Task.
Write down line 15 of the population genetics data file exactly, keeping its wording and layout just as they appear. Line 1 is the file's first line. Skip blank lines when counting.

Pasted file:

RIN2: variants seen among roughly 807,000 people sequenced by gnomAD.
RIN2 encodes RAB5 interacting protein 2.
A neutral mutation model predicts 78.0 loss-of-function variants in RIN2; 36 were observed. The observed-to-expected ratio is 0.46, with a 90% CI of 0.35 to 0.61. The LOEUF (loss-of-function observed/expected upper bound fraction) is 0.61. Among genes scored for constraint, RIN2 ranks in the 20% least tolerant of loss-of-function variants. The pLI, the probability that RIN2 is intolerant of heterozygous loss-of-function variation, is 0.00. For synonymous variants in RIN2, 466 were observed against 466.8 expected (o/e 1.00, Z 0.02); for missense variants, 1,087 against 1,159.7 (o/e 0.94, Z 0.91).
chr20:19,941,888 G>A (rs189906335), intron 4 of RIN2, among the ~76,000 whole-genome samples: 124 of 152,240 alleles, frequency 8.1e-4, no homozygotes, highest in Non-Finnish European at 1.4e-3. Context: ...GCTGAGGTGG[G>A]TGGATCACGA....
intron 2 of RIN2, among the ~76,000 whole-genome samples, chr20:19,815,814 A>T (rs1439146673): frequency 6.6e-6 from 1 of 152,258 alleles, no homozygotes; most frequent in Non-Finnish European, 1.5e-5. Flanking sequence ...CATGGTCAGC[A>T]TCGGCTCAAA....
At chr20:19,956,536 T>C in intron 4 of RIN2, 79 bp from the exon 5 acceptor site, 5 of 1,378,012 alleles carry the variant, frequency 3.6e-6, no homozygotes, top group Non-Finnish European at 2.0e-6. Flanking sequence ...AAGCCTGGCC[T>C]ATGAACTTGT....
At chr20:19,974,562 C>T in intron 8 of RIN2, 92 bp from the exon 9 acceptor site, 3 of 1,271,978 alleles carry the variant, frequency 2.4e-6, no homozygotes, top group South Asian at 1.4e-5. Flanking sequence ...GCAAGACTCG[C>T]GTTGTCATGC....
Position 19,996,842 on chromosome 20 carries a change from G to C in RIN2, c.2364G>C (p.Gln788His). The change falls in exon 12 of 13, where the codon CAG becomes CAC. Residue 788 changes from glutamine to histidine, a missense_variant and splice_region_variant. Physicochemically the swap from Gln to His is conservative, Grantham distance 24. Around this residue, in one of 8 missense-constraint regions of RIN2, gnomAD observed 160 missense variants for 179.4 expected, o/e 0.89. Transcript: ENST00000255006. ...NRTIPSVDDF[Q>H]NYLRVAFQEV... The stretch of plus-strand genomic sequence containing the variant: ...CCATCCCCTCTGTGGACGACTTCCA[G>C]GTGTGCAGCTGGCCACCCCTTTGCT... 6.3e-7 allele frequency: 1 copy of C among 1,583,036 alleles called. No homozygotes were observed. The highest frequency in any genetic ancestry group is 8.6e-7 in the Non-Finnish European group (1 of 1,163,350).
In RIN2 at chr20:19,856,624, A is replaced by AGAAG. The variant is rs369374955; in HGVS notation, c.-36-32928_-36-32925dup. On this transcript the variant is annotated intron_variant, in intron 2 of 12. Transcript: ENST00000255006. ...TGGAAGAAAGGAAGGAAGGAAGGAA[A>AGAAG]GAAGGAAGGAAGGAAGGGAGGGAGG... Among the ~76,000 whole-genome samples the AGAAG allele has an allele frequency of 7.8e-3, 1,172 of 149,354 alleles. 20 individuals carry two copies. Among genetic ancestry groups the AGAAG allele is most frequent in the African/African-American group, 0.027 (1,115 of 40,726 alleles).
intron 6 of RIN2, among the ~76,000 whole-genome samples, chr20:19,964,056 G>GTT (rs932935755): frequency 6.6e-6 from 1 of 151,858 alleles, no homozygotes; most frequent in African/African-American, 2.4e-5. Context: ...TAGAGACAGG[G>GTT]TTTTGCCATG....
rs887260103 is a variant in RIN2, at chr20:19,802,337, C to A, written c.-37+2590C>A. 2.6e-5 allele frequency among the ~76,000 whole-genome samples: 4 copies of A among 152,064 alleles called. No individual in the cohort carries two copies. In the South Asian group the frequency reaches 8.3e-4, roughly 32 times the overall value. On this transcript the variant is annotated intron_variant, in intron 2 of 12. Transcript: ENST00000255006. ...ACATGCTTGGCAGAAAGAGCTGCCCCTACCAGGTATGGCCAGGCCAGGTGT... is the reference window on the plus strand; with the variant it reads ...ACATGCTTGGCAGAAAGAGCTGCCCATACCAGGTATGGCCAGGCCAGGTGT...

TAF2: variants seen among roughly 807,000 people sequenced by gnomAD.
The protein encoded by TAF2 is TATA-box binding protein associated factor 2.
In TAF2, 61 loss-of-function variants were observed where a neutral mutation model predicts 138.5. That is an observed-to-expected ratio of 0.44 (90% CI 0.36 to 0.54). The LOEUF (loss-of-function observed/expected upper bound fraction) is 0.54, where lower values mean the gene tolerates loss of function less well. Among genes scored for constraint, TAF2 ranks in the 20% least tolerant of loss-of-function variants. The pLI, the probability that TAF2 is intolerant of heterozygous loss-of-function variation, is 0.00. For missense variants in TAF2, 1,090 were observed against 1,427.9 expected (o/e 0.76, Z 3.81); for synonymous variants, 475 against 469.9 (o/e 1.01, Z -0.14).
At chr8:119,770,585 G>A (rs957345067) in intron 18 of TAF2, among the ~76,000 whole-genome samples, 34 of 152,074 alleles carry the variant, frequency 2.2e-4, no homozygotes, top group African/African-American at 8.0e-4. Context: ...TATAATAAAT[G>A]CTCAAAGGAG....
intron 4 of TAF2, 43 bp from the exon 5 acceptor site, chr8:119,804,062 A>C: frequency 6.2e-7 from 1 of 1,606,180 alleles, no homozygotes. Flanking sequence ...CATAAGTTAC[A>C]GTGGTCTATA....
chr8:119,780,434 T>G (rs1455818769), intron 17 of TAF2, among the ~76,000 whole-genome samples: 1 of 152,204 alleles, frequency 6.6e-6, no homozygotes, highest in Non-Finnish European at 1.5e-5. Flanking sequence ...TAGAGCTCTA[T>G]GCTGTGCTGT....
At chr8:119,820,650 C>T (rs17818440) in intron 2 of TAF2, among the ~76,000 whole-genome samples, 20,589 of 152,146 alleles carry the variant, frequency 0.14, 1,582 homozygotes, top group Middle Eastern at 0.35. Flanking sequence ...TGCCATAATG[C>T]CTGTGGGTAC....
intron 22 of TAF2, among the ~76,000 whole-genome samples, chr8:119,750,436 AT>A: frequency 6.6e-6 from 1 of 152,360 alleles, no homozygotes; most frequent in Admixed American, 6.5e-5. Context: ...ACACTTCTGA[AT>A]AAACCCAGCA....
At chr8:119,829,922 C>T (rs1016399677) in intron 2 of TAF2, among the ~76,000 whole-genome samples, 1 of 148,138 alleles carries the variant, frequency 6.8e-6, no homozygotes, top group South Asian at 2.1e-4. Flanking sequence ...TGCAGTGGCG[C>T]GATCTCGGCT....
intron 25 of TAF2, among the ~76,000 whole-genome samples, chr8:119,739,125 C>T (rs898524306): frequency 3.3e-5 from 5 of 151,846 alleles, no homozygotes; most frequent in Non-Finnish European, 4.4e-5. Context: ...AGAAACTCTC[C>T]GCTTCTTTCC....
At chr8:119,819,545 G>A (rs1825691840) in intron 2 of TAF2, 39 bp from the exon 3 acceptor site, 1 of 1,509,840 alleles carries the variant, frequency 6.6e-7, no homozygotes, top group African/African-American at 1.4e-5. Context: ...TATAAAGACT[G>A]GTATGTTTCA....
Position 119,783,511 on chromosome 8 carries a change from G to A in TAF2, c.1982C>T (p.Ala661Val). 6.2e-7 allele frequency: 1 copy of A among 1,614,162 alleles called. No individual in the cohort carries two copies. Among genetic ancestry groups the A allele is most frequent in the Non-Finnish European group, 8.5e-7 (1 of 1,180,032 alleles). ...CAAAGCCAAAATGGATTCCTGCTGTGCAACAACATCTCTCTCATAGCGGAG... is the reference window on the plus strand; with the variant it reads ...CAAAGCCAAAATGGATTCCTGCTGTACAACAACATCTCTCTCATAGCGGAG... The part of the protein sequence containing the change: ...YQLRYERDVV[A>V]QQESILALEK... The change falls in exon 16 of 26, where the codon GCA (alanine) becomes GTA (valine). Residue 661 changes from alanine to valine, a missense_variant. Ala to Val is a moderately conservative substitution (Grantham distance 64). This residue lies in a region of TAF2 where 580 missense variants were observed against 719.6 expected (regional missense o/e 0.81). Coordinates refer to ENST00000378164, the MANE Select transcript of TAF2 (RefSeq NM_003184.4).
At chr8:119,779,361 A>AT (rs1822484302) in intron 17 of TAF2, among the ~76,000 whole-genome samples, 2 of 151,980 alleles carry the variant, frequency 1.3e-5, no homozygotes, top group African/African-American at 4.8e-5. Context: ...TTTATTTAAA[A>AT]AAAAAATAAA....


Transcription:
At chr8:119,770,585 G>A (rs957345067) in intron 18 of TAF2, among the ~76,000 whole-genome samples, 34 of 152,074 alleles carry the variant, frequency 2.2e-4, no homozygotes, top group African/African-American at 8.0e-4. Context: ...TATAATAAAT[G>A]CTCAAAGGAG....